A simple one-pot braise that yields a stickily delicious and impressive dinner. A side of rice and veg is all you need.
When salt, pepper, and ample chicken skin surface area meet over a hot flame, the results are transformative and much more than the sum of their parts. Just read through some of the comments—the few people who’ve tried this recipe are blown away by how much flavor just salt, pepper, and fire can impart. We make this recipe regularly every summer.
In general, people should be making better use of their chicken bones. Not to break character, but Nigella gave us the great tip of freezing cooked chicken carcasses and chicken bones (from large cuts like leg quarters, deboned chicken thighs, etc.) until you have a critical mass to make a stock.
BEEF & PORK
This stew doesn’t look like much, and the names of the ingredients don’t inspire much confidence for the uninitiated (“sour…cabbage…”), but the the strong flavors are so delicious, and the recipe is so simple that we make this during the week as a matter of routine.
When you dip the pork belly into little bowls of soy sauce and minced raw garlic, you’ll find yourself gobbling up piece after piece, punctuating each bite with sour cabbage (sauerkraut is a shockingly credible substitute) and rice.
Three pepper chicken is a delicious dish thanks to the crispiness of the deep fried bits of chicken. This version takes that principle and multiplies it x10 with pork belly, which crisps effortlessly.
Another opportunity to use boiled pork belly as a blank canvas. Spicy. Garlicky. Peanutty. Totally delicious.
A packet of pressed tofu has long been a champion in our kitchen. It’s the stuff of rapid weeknight stir-fries that are more satisfying than they ought to be, based on the time they take to prepare. This recipe is one crystallized iteration of a stir-fry that my mother has whipped up countless times with whatever vegetables we happen to have on hand.
“The rib” in a Chinese takeout joint can take a few forms—there’s the rib tip, the bone-in spare rib, and then these, a cost-effective workaround referred to as “boneless spare ribs” that really uses pork butt. Any of these are delicious—but you’ve gotta make sure to nail the fried rice too for maximum enjoyment.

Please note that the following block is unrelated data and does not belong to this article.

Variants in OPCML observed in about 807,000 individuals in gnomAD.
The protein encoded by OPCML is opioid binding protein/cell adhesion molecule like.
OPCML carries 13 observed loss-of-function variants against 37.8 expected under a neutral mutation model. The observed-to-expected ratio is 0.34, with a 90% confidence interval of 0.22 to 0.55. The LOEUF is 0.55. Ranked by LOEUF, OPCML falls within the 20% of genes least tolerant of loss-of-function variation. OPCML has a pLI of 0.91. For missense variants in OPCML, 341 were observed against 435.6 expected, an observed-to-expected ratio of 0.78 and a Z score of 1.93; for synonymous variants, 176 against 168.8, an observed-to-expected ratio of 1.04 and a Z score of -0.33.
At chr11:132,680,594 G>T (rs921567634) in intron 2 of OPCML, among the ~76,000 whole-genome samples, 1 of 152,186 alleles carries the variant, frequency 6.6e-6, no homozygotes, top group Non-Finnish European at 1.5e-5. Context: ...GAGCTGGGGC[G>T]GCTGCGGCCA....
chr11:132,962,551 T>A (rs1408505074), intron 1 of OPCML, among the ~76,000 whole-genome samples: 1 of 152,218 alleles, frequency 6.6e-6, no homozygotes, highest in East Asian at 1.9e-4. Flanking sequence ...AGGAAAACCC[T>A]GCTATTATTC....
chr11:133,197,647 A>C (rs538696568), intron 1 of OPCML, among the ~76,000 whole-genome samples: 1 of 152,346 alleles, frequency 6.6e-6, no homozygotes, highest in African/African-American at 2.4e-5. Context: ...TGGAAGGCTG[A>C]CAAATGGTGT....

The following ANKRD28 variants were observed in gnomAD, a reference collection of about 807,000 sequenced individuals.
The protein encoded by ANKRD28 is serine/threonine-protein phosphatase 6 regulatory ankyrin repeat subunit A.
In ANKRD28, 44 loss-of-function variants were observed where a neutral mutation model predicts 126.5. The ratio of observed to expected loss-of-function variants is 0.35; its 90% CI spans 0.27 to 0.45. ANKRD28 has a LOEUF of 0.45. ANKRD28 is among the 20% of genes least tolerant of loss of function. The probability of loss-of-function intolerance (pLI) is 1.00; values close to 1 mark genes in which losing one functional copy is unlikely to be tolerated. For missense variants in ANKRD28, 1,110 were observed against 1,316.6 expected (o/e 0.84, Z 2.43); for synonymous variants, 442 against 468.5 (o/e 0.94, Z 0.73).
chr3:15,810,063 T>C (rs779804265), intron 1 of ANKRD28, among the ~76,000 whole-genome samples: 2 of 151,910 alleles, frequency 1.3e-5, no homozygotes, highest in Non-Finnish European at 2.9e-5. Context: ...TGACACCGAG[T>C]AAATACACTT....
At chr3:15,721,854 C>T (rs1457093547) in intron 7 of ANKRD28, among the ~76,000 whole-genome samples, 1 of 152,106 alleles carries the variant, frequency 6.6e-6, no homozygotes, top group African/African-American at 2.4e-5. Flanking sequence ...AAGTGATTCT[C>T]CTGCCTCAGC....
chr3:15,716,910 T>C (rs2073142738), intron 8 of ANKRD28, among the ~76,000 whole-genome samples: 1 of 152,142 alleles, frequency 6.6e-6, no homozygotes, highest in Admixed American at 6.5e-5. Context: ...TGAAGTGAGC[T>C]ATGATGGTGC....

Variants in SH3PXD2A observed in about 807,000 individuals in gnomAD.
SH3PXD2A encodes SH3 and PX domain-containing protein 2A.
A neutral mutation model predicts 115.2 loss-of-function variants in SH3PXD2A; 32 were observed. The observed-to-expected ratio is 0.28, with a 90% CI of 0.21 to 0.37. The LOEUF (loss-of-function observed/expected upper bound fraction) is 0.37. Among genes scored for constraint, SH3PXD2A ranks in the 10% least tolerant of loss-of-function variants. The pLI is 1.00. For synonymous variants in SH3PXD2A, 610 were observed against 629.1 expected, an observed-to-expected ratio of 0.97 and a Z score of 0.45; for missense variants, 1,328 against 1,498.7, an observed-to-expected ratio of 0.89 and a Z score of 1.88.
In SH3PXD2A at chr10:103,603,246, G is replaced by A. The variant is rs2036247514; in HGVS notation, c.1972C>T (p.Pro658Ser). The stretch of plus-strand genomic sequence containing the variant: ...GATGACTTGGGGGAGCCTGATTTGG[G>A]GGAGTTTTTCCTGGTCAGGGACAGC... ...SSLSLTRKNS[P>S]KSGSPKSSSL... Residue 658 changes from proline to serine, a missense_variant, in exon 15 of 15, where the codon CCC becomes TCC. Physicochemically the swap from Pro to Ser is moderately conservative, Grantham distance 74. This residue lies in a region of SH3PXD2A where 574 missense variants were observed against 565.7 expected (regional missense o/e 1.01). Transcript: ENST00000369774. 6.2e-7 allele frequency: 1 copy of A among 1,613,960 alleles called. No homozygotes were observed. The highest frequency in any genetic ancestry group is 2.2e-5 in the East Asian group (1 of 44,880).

The comments section for this recipe is filled with people who thought they would rue the day they decided to make this admittedly slightly fussy recipe and then realized that their labors were entirely and completely worth the trouble. It does have the much derided GLUTEN—unsophisticatedly referred to as “gluten balls” no less—but if you haven’t turned your back on gluten, give this recipe a try when you want to lay something that feels festive and special onto the dinner table!
A recipe like this is simply delicious. It doesn’t have a clear provenance. It exists to showcase the versatility of pork belly and to help you take on even your most finicky eaters.
Slice upon slice of juicy char siu with its bright red glaze soaks into a crunchy roll, coated in a potent mixed garlic oil that is so garlicky it becomes ever so slightly spicy. Add in even more heat with Chinese hot mustard, and then mellow it out with a slicked on layer of duck sauce for a magical sandwich that has origins in the storied resort years of the Catskills.
This decadent treat lies in the grey zone between savory and dessert. It makes for the perfect breakfast item, afternoon—or anytime—snack. And, for anyone thinking it and doubting themselves: why not have a char siu-stuffed bun for dessert?
This rather ornate dish is more complicated-looking than it is. The result is something more luscious than eating braised pork belly with rice thanks to the ground rice that coats the pork when it’s uncooked and slowly expands and aborbs the pork juices during steaming, encasing each piece of pork in a cloud of comforting rice.